In Luke 8:43-48, a woman who has been beset by bleeding for 12 years approaches Jesus, while he’s on his way to heal the daughter of a synagogue leader. She comes up behind Jesus, confident that simply touching the hem of cloak will heal her.

Jesus turns, in a manner that can easily be interpreted as perturbed, as asks “Who touched me?”  When Peter says there’s no way to tell who touched him, Jesus refuses to let it go: “Someone touched me; I know that power has gone out from me.”

The image of Jesus having an angry semblance is reinforced by the woman’s response: she “came trembling and fell at his feet. In the presence of all the people, she told why she had touched him and how she had been instantly healed.” 

But, Jesus’ response then is not angry, or perturbed. He tells her, “Daughter, your faith has healed you. Go in peace.”

Her faith healed her. And he sends her on.

Following the parallel episode in Matthew 9 — Jesus heals the synagogue leader’s daughter in both readings — Jesus encounters two blind men who’ve sought him for healing. He asks them: “Do you believe that I am able to do this?”

“’Yes, Lord,’ they replied. Then he touched their eyes and said, ‘According to your faith let it be done to you.’” Like the woman who touched his garment, the blind men are able to receive the power of Christ because of their faith. They open themselves to him, and then they receive.

Perhaps the harshest response Jesus gives to someone seeking healing — at least on the surface — is the Canaanite woman who comes to him in Matthew 15:21-28, seeking help for her daughter: “Lord, Son of David, have mercy on me! My daughter is demon-possessed and suffering terribly.”

On the surface, Jesus’ response is anything but loving: “He replied, ‘It is not right to take the children’s bread and toss it to the dogs.’”

The woman, like the man in our Gospel reading, is desperate, seeking help for her child. And Jesus, in an offhand way, seems to call her a dog.

But, there’s a lot of unsaid subtext here. Jesus is telling her, “the world sees you as a dog,” and asks her “do you see yourself as a dog — or do you have faith to see yourself as I see you?”

The woman responds, in faith, “Even the dogs eat the crumbs that fall from their master’s table.”

“Then Jesus said to her, ‘Woman, you have great faith! Your request is granted.’ And her daughter was healed at that moment.”

Like the others, it is her faith that opens the door to healing for her daughter.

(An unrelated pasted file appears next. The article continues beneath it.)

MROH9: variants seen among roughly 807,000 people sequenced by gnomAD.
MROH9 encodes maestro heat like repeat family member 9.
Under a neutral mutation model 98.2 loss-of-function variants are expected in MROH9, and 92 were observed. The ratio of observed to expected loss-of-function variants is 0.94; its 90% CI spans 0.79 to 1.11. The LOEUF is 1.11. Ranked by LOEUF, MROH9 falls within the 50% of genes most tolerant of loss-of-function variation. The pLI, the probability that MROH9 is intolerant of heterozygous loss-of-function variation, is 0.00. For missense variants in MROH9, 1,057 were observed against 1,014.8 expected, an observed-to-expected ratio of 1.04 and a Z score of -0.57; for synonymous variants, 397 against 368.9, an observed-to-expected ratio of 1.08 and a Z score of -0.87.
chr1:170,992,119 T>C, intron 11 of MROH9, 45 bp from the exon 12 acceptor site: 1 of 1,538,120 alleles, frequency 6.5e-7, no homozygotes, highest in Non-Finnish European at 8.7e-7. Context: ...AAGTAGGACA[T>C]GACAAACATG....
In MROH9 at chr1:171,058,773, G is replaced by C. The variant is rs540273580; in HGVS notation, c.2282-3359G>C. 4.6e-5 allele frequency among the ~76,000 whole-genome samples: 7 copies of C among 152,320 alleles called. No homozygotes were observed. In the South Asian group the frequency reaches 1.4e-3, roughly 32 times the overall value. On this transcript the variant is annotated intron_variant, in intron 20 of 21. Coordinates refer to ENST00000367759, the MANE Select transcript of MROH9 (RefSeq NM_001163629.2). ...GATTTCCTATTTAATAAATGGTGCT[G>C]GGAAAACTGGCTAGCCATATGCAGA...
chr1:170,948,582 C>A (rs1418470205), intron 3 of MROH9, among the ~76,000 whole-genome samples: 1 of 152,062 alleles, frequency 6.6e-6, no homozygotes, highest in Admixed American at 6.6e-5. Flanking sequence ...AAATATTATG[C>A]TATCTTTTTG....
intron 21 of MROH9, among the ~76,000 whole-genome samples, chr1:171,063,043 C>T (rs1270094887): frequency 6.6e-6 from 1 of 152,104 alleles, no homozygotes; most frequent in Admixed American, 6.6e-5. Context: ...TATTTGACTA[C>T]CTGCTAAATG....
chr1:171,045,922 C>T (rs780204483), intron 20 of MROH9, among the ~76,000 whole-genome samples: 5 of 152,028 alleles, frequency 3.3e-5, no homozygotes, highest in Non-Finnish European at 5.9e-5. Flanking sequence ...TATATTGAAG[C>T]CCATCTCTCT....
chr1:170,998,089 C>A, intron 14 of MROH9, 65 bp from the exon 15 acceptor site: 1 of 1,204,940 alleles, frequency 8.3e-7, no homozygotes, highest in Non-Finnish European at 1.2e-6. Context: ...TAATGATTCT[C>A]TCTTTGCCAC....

In each of these episodes, Jesus turns to those who’ve come to him, and asks: “Have you come to see the miracle-worker, or the Messiah?”

Let’s go back to our royal official, who approaches Jesus in Galilee. Jesus is rebuking those who just want to see the miracle-worker. But, he’s asking the man right in front of him, the man who walked 20 miles to see him: “Who did you come to see?”

The man responds, one last time: “Sir, come down before my little boy dies.” 

Then, “Jesus said to him, ‘Go; your son will live.’” 

And then, there’s the important part — the part we’re meant to emulate: “The man believed the word that Jesus spoke to him and started on his way.”

The man believed. Christ sent him. And he went. And his son was healed.

Christ absolutely has the power to heal. But, as each of these cases shows, Christ doesn’t call us to seek him solely or principally as miracle-worker. Ultimately, Christ doesn’t call us to him for transactions. He calls us to him for relationship. 

And Christ does heal. But healing doesn’t always look like what we want. 

The question we must face is the same one Jesus posed to those who approached him: Do we seek a miracle-worker, who works as we want? Or Do we seek the Messiah, and surrender in faith to His love and providence?

Surrender is the hard path to which we are called. It is the hard path that leads to the promised Kingdom of God. And there is no shortcut on that path.

Lord Christ, in our worldly ways we tend to want the shortcut. In our worldly view, we want to see the miracle-worker. Help us to see through the lens of the Holy Spirit instead, that we may surrender to your love and providence, and approach you as our Messiah, our King and Savior, knowing you have provided before we ask. Amen.